A blog about living outside, first in my car, then in tents.
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“But you don’t seem sick!”

I know I don’t.

I am intelligent, articulate and looking better now that I am losing weight and tanned (thanks to living in my car).

I find enough time and focus to do this blog most days, even when (like today) my upper body hurts so much I squeam in my car seat, I have a headache from the bleach smell at the post office, I am depressed because I lost my phone service and therefore can not earn any money until this weekend’s sale, and a person I’d been hoping to visit went incommunicado four days ago.

I’m parked at a wifi spot and rain starts plopping down. I close the windows tight. Within minutes or moments I am overheating along with my dogs who are panting in the back, even thought it’s only 73 degrees Fahrenheit outside. (That doesn’t matter if the cool air can’t get into the car.) I throw open the door when I must get a breath of fresh air, grateful the rain has slowed.

Then a diesel truck fires up next to me. Because I’m spacey I don’t react as quickly as normal; I don’t slam the door until I’ve already gotten a couple lung fulls of fumes. Which add to my headache. But it’s raining again so I have to shut up the car while the fumes are still in it, or rain will dampen my sleeping area and laundry and the dog’s back seat.

Ah, the blog software has put a red squiggly line under “squeam,” above. “I squeam in my car,” I say out loud. “That’s right. Does it have a c?” Oh. Wrong word. Not a word. “Squirm.”

PLEASE read “The Spoon Theory” if you seek to further your understanding of the lives of people with “invisible” disabilities and illnesses. My best friend read it after knowing me for years — i.e. she knew a LOT about my health problems — and even she raved afterwards about how much it helped her understand what it takes for me to get through a day.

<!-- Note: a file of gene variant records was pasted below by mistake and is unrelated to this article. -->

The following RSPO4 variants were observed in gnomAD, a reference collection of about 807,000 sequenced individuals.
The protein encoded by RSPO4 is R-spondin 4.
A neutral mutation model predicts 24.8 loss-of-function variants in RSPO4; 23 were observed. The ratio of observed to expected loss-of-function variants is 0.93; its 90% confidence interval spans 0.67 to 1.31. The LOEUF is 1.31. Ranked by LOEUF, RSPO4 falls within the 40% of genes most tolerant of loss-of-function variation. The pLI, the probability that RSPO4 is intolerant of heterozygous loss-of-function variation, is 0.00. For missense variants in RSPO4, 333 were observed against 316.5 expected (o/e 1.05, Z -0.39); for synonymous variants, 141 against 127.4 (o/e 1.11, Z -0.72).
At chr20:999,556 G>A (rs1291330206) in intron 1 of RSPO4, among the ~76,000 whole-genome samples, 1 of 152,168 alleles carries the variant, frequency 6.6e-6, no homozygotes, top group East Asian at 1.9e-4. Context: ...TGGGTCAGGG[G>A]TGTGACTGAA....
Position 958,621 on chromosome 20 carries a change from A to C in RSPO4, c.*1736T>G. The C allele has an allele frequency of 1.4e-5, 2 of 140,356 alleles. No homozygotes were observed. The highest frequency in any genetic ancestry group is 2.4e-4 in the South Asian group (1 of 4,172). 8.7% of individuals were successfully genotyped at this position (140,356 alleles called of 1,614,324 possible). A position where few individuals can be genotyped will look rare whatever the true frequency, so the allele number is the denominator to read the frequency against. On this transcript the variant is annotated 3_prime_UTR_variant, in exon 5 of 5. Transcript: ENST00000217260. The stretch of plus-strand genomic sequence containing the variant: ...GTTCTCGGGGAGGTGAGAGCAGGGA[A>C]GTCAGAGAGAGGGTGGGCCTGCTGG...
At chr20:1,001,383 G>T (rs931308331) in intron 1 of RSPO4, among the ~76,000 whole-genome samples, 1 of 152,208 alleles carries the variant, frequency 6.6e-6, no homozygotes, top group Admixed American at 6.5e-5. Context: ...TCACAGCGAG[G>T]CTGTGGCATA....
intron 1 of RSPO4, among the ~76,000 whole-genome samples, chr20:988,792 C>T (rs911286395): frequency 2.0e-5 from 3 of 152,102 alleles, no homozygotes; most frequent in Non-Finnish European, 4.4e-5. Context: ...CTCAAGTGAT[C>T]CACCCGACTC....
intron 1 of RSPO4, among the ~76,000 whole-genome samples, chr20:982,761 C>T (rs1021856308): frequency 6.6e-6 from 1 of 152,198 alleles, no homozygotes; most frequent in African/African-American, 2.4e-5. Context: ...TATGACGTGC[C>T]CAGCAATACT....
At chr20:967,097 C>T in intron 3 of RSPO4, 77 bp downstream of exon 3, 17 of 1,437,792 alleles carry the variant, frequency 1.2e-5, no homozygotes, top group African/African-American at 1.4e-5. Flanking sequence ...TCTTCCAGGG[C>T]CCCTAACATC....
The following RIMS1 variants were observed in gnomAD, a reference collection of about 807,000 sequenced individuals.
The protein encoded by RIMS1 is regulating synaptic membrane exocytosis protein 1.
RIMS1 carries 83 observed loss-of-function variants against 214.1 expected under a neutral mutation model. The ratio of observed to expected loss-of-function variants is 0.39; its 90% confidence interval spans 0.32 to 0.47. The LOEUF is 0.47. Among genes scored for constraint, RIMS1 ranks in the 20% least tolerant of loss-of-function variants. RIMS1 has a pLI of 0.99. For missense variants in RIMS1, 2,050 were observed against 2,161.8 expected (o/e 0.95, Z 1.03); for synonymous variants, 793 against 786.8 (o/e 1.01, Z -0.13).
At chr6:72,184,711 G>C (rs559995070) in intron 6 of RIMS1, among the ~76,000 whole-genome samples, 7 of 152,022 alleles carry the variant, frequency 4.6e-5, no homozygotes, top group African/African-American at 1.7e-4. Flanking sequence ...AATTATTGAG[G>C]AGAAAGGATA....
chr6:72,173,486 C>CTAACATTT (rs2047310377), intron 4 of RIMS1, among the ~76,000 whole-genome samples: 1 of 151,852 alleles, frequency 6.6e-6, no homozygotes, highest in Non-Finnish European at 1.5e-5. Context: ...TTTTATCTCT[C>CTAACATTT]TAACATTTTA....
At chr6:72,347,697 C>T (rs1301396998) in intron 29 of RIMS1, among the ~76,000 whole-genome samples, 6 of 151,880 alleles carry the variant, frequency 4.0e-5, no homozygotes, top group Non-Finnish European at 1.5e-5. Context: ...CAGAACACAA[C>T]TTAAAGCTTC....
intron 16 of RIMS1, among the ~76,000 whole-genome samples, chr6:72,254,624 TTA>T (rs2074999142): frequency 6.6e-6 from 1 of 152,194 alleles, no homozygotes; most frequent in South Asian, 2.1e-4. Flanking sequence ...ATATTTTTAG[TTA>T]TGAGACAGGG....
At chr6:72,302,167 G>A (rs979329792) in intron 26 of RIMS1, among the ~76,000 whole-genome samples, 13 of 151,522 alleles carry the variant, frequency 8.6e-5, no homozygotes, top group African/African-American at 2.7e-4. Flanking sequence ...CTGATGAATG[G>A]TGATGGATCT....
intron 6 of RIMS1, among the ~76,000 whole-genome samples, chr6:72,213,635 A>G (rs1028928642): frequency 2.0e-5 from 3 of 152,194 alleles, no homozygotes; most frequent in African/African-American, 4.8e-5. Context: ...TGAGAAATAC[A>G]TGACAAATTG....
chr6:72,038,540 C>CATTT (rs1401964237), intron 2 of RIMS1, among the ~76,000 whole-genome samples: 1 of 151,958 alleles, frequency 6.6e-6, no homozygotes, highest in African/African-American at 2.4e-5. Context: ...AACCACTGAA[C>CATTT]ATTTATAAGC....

That’s what the article looks at: What it takes for people like me to get through a day. The writer’s diagnoses are different than mine, but Spoon Theory applies 100% to me and people with many other not-obvious conditions. Find it on ButYouDontLookSick.com

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  1. Just googled spoon theory, have tears running down my face. I had lung cancer, had one lung removed then chemo. People, and myself
    included, thought that i would just get right back to normal. Of course i would need to start exercising again and get built back up, walking a couple hours a day, get a gym membership. I couldn’t understand or explain that i didnt have enough spoons for any of that anymore. Thank you very much, bless you.

    • Oh my goodness, Dana, I feel for you. There is so much wisdom in the old adage to refrain from judging someone until you’ve walked a mile in their shoes. And people are SO apt to judge sick people — or homeless people. Sometimes religious beliefs back up the judgment, as some believe that ANY misfortune is punishment for previous bad deeds. Be it “karma” or “God’s way,” it’s all the same misunderstanding at best, fear of becoming likewise afflicted at middling, and willful superiority at worst.

      Hang in there, Dana. Find solidity in your own truth, even when no one else is willing to understand.

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